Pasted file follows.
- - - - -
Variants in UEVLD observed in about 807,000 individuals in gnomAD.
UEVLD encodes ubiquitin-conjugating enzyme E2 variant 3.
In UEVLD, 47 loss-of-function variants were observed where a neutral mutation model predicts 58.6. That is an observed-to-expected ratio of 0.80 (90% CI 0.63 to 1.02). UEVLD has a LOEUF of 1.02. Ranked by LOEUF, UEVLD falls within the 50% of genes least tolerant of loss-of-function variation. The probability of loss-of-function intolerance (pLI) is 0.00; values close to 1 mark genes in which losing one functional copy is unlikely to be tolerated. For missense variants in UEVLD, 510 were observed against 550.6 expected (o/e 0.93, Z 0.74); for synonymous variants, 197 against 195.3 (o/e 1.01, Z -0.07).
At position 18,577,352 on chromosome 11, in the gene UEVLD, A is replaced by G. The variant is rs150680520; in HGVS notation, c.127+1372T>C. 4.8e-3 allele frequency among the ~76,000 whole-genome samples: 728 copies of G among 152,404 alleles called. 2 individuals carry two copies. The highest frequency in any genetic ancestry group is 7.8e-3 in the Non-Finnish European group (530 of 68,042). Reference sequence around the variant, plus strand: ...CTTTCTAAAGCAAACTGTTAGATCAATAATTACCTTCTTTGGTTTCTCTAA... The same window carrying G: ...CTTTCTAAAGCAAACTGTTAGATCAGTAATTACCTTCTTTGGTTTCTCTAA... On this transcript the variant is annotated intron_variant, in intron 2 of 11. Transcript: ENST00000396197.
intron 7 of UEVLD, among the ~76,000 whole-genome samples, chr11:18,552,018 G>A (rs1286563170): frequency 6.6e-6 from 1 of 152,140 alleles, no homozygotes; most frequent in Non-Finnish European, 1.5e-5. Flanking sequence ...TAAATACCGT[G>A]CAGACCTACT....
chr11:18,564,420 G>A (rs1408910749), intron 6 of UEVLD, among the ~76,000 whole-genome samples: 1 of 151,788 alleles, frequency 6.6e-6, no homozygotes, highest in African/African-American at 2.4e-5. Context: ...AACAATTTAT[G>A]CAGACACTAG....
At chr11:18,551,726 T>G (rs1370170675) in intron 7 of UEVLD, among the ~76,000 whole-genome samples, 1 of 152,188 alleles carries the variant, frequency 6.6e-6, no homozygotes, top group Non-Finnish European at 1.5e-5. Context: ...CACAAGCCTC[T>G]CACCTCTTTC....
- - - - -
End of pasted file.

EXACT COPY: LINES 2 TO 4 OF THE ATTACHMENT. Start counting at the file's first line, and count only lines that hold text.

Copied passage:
UEVLD encodes ubiquitin-conjugating enzyme E2 variant 3.
In UEVLD, 47 loss-of-function variants were observed where a neutral mutation model predicts 58.6. That is an observed-to-expected ratio of 0.80 (90% CI 0.63 to 1.02). UEVLD has a LOEUF of 1.02. Ranked by LOEUF, UEVLD falls within the 50% of genes least tolerant of loss-of-function variation. The probability of loss-of-function intolerance (pLI) is 0.00; values close to 1 mark genes in which losing one functional copy is unlikely to be tolerated. For missense variants in UEVLD, 510 were observed against 550.6 expected (o/e 0.93, Z 0.74); for synonymous variants, 197 against 195.3 (o/e 1.01, Z -0.07).
At position 18,577,352 on chromosome 11, in the gene UEVLD, A is replaced by G. The variant is rs150680520; in HGVS notation, c.127+1372T>C. 4.8e-3 allele frequency among the ~76,000 whole-genome samples: 728 copies of G among 152,404 alleles called. 2 individuals carry two copies. The highest frequency in any genetic ancestry group is 7.8e-3 in the Non-Finnish European group (530 of 68,042). Reference sequence around the variant, plus strand: ...CTTTCTAAAGCAAACTGTTAGATCAATAATTACCTTCTTTGGTTTCTCTAA... The same window carrying G: ...CTTTCTAAAGCAAACTGTTAGATCAGTAATTACCTTCTTTGGTTTCTCTAA... On this transcript the variant is annotated intron_variant, in intron 2 of 11. Transcript: ENST00000396197.